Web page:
Sarah Mill ’07 benefits from DU Environ. Studies opportunities

“One of the things that Denison really lent me was the ability to have a interdisciplinary major, and to investigate a lot of different avenues".

Sarah Mill is the Director of Education at the Dawes Arboretum in Newark, Ohio. It’s a multi-faceted job that requires her to wear many different hats. She manages all programming that the arboretum does. That’s anything from school programs, summer day programs, youth programs, as well as workshops, lectures, and classes for the general public.

The Denison Environmental Studies department, she says, helped prepare her for the dynamic nature of her work.

“I work with staff internally in their areas of expertise in order to develop and offer programs. And then I also network and collaborate with outside experts in order to come in as guests and support our programs,” Mill said.

“One of the things that Denison really lent me was the ability to have a interdisciplinary major, and to investigate a lot of different avenues, a lot of career opportunities within the environmental field. From working with environmental policy, to working with environmental education or hard science—I really got to test the waters with all of those different things.”

Mill declared a self-designated concentration in Environmental Management within the ENVS major. That concentration included coursework in Geographical Information Systems, conservation biology, and environmental geology.

“A lot of what I learned lent itself to success in my first job as an environmental scientist,” Mill said.

Prior to working at the Arboretum, Mill worked as an Environmental Scientist for PANDEY Environmental, LLC, an environmental consulting and engineering firm. There, she helped conduct field property assessments, drafted technical reports, maps and granted applications, as well as supervising remediation, sampling and drilling operations in the field. The work was largely focused on site remediation.

Though Sarah appreciated the opportunity to work hands-on in hard science, she eventually found her calling to be program development.

Mill worked as an Environmental Education Specialist for Girl Scouts of Ohio’s Heartland for seven years. There, she managed an Environmental Education Center, which helped to coordinate efforts to introduce scouts to environmental stewardship through programming in natural science and recreation. The job gave another nod to her Denison years—she had worked with Girl Scouts each of the summers that she was in school.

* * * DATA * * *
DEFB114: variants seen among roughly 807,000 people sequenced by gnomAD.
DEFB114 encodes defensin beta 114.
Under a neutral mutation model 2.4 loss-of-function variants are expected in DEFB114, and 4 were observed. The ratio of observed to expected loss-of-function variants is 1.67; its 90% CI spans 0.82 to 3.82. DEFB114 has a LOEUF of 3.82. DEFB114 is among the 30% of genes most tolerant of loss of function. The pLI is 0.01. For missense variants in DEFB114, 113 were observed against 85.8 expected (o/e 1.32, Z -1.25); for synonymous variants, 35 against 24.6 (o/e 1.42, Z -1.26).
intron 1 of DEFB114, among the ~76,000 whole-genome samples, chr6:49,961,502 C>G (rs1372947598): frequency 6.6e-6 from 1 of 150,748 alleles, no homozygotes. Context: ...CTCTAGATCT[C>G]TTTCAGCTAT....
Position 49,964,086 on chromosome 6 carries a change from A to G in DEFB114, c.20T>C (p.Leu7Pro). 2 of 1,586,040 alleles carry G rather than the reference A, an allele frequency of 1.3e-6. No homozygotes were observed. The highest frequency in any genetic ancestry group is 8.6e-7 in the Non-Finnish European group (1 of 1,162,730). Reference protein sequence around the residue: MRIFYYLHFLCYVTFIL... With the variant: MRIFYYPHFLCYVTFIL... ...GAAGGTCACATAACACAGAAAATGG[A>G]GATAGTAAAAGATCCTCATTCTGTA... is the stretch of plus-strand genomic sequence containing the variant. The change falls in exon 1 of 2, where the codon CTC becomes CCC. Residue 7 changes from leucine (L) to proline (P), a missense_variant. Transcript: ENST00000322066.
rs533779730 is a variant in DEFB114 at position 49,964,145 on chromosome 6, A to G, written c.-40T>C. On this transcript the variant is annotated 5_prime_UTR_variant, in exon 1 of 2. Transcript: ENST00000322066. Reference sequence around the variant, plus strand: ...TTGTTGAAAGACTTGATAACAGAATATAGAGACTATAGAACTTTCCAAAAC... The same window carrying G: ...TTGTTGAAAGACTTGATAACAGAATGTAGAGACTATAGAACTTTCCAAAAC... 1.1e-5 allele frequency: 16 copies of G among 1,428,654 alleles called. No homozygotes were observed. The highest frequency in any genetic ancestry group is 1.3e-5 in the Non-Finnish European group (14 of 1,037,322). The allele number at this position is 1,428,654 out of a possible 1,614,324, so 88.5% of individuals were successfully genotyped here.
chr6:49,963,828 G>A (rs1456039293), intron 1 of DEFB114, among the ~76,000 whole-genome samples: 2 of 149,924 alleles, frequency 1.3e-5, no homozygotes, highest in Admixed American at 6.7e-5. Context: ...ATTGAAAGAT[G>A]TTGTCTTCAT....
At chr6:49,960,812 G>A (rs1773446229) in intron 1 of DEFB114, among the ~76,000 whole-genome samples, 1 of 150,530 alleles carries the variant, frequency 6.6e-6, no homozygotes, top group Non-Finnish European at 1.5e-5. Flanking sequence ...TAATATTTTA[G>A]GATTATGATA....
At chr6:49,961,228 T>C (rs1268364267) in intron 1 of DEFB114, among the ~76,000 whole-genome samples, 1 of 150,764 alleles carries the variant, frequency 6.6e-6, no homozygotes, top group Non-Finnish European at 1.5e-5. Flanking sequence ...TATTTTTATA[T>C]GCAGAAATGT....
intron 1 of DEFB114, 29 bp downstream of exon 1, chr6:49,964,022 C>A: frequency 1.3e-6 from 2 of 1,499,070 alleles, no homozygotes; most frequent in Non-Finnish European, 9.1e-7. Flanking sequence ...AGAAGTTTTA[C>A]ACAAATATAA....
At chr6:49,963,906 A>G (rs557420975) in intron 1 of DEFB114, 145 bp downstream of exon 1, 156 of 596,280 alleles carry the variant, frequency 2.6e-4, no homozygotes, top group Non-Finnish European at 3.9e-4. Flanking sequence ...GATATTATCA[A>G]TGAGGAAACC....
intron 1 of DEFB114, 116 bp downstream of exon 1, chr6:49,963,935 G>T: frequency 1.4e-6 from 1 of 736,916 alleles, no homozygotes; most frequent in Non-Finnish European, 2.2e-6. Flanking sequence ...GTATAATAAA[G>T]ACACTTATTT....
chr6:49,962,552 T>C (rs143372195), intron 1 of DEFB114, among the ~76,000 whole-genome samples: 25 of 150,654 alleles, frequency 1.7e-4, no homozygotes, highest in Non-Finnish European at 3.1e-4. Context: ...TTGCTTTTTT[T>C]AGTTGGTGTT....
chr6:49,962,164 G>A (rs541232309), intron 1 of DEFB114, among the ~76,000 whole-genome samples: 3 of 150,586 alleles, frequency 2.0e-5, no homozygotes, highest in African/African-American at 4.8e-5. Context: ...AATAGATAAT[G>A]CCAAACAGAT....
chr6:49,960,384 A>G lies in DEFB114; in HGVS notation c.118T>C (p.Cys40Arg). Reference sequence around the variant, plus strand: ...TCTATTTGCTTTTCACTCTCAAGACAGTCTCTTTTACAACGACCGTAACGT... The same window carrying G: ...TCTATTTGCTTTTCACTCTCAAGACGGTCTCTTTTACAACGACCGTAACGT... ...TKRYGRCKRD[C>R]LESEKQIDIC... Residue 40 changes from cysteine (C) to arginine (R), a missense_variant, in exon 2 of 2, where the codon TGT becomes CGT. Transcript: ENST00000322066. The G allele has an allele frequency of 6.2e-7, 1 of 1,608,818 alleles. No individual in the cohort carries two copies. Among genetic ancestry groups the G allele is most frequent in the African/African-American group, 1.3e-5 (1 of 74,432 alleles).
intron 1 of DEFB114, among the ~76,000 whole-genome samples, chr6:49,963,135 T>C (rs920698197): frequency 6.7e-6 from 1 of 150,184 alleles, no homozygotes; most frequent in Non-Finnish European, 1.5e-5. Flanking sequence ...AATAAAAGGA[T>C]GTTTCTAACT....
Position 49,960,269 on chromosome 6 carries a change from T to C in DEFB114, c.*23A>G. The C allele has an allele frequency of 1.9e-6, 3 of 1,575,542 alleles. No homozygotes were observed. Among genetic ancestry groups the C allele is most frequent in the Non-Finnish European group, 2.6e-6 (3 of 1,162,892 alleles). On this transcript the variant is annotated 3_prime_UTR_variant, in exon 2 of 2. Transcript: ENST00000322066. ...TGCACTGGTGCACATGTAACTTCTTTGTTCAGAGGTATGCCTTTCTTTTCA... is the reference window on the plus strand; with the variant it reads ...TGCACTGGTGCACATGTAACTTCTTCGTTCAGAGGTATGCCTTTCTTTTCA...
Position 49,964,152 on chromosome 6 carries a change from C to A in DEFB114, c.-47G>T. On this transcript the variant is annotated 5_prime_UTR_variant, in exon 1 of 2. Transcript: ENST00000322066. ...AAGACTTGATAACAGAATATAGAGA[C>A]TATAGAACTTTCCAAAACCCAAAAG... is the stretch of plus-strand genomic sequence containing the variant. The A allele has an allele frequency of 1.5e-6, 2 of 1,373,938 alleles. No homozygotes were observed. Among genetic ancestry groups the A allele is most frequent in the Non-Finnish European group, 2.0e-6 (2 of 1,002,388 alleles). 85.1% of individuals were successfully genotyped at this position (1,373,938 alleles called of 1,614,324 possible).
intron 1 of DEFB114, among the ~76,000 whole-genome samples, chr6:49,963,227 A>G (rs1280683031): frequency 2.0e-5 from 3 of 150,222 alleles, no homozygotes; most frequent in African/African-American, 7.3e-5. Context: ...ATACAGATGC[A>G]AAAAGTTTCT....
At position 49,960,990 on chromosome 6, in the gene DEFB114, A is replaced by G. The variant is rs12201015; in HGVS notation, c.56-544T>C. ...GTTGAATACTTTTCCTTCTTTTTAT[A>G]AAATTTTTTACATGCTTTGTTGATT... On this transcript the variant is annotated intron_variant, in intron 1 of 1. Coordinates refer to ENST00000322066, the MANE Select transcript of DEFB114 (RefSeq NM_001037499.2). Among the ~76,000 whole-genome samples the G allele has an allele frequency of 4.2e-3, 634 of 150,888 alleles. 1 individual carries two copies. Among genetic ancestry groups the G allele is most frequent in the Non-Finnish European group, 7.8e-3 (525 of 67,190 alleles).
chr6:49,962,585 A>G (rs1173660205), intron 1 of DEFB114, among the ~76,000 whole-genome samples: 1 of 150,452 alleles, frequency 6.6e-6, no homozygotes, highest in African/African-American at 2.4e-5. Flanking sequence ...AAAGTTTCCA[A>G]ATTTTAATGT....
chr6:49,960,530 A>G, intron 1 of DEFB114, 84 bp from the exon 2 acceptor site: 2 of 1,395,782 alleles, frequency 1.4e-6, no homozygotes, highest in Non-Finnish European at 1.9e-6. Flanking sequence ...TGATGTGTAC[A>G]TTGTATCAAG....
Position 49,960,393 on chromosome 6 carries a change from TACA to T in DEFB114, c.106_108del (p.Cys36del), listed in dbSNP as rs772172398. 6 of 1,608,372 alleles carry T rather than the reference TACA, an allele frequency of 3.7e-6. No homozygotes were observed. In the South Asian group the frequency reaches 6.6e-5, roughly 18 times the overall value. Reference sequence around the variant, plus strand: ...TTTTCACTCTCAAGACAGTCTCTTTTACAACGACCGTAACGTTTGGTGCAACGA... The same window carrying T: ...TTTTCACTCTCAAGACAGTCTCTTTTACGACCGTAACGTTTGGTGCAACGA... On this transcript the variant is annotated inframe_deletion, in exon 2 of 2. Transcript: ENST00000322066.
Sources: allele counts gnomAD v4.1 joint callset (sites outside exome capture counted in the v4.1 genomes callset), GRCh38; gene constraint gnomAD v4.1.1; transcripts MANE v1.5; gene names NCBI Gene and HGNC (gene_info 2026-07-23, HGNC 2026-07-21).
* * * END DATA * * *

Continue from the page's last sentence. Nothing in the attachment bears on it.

When Mill was a student, she was a fellow in the department and assisted professors with their research, as well as conducted senior research of her own, and a side independent research project, an opportunity that she says helped her with networking skills and developing the ability to work on a wide range of projects.

Even her work today has ties to her Denison education. Sarah worked with Dawes Arboretum as a volunteer when she was a student.

“I had made a point of engaging with some of the staff here and it gave me an opportunity to stay well networked with them. That’s actually how I learned about the opening that I currently filled here. It was really just based on the relationships that I built upon as a volunteer, and then stay in touch as a volunteer to those individuals for several years,” Mill said.

When asked if she has any advice for current Denison Environmental Studies students, Mill says that networking is huge.

“Any opportunity that students have to volunteer, to sit on boards and committees with local organizations, to participate in internships, I think those skills are hugely valuable in breaking into a career. I find that I still am in touch with many of the individuals that I built relationships with while I was at Denison.”

Finally, perhaps the biggest benefit that Mills says she got from Denison was her ability to help make a difference on the environmental issue she is most passionate about: environmental literacy. Looking towards the future, Mill says she wants to promote literacy among children within her community in central Ohio.

“I don’t believe that people will care about things that they don’t see value in, so I think that piquing peoples curiosity and interest, especially children, helps to encourage them to develop a love and appreciation for nature and the outdoors. That’s something that I’d love to find a way to get creative with that in my own life and my own community to help encourage that,” Mill said.

December 16, 2016